Jo Stafford

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January/February 2020
Jo Stafford

By Jerry Osterberg

Jo Stafford

Jo Stafford was one of the most successful recording artists of all time. She recorded with Capitol and Columbia Records in the 1940s and 1950s. Her repertoire included pop, jazz, folk, and comedy. Stafford and husband Paul Weston, her primary arranger and conductor, created their musical alter egos, Jonathan and Darlene Edwards, whose comedy album won a Grammy in 1961.
Jo Stafford was born in Coalinga, California on November 12, 1917. She studied music and voice at Long Beach Polytechnic High School, performing extensively with the school chorus. When she graduated from Polytechnic, the Great Depression was underway. Landing a job performing with her older sisters, she became the third member of the Stafford Sisters, appearing on radio and recording on Hollywood sound stages. Sister Jo met seven male singers on a movie set and they were harmonizing to pass the time.
Stafford proposed they form a chorus which they named the Pied Pipers.
Discovered and hired by the Tommy Dorsey Band, the octet performed live, on radio, and in movies. By the time Frank Sinatra joined the band in 1940, the group had been become a quartet.

The Pied Pipers were incredibly popular. Their biggest hit was “I’ll Never Smile Again.” Encouraged by Sinatra, Stafford petitioned Dorsey, and with the Dorsey Band she made her first success as a soloist with “Yes Indeed!
” Consistent with a growing trend within the big bands, Sinatra, Stafford, and the Pied Pipers had left Dorsey by 1944. Stafford and the Pied Pipers, without Sinatra, became regulars on Johnny Mercer’s radio program. When Mercer started Capitol Records, Stafford was one of the first artists he hired.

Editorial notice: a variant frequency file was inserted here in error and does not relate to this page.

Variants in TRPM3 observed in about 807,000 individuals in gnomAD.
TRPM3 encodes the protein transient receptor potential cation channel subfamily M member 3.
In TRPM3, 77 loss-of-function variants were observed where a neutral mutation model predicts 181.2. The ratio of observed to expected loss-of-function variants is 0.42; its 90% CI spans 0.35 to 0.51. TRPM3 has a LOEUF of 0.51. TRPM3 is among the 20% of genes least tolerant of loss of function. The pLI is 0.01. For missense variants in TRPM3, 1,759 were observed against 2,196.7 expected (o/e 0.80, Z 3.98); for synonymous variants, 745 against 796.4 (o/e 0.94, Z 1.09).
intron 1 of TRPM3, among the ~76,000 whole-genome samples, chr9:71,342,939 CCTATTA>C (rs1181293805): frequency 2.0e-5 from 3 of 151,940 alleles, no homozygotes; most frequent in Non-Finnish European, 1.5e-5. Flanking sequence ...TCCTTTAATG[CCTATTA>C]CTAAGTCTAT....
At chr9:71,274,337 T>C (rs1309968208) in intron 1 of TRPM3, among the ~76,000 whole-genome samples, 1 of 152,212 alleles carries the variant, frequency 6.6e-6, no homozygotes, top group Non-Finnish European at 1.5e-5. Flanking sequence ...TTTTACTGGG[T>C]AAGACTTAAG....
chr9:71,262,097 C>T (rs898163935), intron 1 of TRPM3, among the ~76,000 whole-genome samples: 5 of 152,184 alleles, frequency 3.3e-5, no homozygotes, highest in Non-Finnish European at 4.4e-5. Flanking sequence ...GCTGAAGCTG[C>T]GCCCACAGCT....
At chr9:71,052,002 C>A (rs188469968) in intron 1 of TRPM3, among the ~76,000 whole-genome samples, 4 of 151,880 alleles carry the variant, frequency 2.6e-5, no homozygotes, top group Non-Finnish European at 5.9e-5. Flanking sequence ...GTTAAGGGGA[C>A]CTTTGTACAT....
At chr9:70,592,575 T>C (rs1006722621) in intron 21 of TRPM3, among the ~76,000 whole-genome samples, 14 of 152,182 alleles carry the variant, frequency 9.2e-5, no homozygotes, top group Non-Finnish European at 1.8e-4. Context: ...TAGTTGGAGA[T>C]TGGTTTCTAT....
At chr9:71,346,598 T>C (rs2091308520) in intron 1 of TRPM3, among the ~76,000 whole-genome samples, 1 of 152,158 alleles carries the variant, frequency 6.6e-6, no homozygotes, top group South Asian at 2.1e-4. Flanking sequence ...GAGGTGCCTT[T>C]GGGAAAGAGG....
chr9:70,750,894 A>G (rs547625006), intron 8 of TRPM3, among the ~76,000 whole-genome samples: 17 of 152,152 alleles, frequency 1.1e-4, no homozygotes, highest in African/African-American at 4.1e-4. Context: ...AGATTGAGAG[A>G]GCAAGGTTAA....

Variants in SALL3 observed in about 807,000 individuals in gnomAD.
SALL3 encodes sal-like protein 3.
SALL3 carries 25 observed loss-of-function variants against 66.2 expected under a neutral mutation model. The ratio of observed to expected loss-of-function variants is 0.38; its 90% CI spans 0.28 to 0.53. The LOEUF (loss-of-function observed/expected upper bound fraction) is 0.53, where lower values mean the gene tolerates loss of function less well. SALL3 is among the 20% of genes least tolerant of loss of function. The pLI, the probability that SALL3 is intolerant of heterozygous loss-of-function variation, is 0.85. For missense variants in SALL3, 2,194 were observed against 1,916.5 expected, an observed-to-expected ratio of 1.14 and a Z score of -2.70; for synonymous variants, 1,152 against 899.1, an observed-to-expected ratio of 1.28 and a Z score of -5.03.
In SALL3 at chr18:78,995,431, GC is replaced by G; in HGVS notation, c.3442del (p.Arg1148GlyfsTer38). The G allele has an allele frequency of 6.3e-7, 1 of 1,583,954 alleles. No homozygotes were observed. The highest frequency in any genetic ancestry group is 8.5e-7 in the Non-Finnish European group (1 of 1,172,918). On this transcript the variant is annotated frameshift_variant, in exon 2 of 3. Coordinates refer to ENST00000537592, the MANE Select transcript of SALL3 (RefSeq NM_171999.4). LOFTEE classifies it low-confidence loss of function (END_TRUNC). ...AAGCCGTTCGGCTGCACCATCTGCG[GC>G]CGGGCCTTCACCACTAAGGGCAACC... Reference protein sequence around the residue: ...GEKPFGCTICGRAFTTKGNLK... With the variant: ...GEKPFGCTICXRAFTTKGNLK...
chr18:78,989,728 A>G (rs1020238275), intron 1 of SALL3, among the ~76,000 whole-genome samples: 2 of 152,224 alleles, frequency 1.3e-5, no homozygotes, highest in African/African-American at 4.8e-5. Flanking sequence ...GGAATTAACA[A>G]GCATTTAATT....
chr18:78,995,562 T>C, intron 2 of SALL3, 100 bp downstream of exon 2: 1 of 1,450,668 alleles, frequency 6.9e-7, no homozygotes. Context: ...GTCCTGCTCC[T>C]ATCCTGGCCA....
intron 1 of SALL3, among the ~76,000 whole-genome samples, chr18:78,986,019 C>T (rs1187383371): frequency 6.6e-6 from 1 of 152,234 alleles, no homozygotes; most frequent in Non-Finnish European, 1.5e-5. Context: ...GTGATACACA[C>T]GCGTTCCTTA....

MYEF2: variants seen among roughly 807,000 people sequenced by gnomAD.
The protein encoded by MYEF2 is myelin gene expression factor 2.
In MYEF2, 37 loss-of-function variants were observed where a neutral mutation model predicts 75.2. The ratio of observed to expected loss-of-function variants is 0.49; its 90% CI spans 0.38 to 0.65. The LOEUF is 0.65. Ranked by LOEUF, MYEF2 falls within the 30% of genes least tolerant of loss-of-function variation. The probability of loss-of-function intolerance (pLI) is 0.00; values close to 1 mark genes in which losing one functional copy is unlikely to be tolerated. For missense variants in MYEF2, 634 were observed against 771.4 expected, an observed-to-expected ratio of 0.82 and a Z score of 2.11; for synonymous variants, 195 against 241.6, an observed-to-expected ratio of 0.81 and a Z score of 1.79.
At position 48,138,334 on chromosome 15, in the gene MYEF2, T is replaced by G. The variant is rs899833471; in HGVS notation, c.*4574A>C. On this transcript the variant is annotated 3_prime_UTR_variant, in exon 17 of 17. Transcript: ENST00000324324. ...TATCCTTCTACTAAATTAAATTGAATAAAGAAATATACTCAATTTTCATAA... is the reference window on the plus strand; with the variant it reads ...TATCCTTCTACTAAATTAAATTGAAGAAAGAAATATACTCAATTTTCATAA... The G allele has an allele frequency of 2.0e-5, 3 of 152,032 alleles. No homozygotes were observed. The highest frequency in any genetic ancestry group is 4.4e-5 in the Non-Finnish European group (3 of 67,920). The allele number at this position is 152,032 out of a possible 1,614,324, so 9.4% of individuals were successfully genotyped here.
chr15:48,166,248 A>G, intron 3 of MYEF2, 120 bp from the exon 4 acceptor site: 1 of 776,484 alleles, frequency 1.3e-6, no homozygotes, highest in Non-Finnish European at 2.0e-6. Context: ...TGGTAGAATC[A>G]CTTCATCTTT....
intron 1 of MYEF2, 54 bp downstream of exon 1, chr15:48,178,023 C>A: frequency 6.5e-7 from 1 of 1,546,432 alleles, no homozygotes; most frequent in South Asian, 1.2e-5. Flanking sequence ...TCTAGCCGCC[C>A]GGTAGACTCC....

She had numerous songs on the charts, both at Capitol and Columbia: “Long Ago and Far Away”; “Day by Day”; “It Could Happen to You”; “Candy” (with Mercer); “You Belong to Me”; “Jambalaya”; “Shrimp Boats”; “Make Love to Me”; and a series of duets with both Frankie Laine and Gordon MacRae. Stafford had a television show in 1954 and hosted a season on U.K. television in 1961.
She never enjoyed performing before a live audience.
She liked harmonizing, radio, and recording. When rock ‘n’ roll started to subsume the American Songbook in the last half of the 1950s, Stafford retired. She performed in public for the last time in 1990 in honor of Frank Sinatra’s 75th birthday. She died at the age of 90 on July 16, 2008.

Jerry Osterberg

After decades in the banking field, singing in a chorale, and writing on just about every subject under the sun, Jerry left finance and decided to devote himself to the American Songbook. Countless workshops in singing and writing later, he began contributing articles to the New York Sheet Music Society and to write reviews and feature stories for Cabaret Scenes. Jerry is now the Contributing Editor for the monthly newsletter of the NYSMS, continues to perform in chorus, and is currently researching a biography of the late American pop singer Jo Stafford.